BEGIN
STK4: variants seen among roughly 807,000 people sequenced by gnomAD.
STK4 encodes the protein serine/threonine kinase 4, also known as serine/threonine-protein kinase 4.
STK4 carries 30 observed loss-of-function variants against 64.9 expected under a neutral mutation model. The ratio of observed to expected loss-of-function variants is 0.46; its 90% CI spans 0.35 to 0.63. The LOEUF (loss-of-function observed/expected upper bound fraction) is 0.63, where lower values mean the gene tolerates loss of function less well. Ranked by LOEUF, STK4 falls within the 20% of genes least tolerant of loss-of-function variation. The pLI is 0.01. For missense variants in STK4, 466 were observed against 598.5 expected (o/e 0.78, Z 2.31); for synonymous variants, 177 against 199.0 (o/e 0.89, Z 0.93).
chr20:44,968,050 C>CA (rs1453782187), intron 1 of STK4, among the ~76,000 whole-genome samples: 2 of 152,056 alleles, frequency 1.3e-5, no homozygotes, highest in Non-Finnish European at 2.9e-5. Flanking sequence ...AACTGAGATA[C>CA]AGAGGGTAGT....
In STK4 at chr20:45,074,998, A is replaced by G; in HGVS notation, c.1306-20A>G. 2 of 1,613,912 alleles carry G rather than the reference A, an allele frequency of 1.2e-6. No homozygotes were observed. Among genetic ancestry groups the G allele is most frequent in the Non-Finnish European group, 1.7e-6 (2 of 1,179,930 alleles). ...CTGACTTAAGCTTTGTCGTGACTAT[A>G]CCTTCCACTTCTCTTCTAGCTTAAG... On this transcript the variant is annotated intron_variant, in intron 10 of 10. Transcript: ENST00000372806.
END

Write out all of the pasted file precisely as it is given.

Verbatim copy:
STK4: variants seen among roughly 807,000 people sequenced by gnomAD.
STK4 encodes the protein serine/threonine kinase 4, also known as serine/threonine-protein kinase 4.
STK4 carries 30 observed loss-of-function variants against 64.9 expected under a neutral mutation model. The ratio of observed to expected loss-of-function variants is 0.46; its 90% CI spans 0.35 to 0.63. The LOEUF (loss-of-function observed/expected upper bound fraction) is 0.63, where lower values mean the gene tolerates loss of function less well. Ranked by LOEUF, STK4 falls within the 20% of genes least tolerant of loss-of-function variation. The pLI is 0.01. For missense variants in STK4, 466 were observed against 598.5 expected (o/e 0.78, Z 2.31); for synonymous variants, 177 against 199.0 (o/e 0.89, Z 0.93).
chr20:44,968,050 C>CA (rs1453782187), intron 1 of STK4, among the ~76,000 whole-genome samples: 2 of 152,056 alleles, frequency 1.3e-5, no homozygotes, highest in Non-Finnish European at 2.9e-5. Flanking sequence ...AACTGAGATA[C>CA]AGAGGGTAGT....
In STK4 at chr20:45,074,998, A is replaced by G; in HGVS notation, c.1306-20A>G. 2 of 1,613,912 alleles carry G rather than the reference A, an allele frequency of 1.2e-6. No homozygotes were observed. Among genetic ancestry groups the G allele is most frequent in the Non-Finnish European group, 1.7e-6 (2 of 1,179,930 alleles). ...CTGACTTAAGCTTTGTCGTGACTAT[A>G]CCTTCCACTTCTCTTCTAGCTTAAG... On this transcript the variant is annotated intron_variant, in intron 10 of 10. Transcript: ENST00000372806.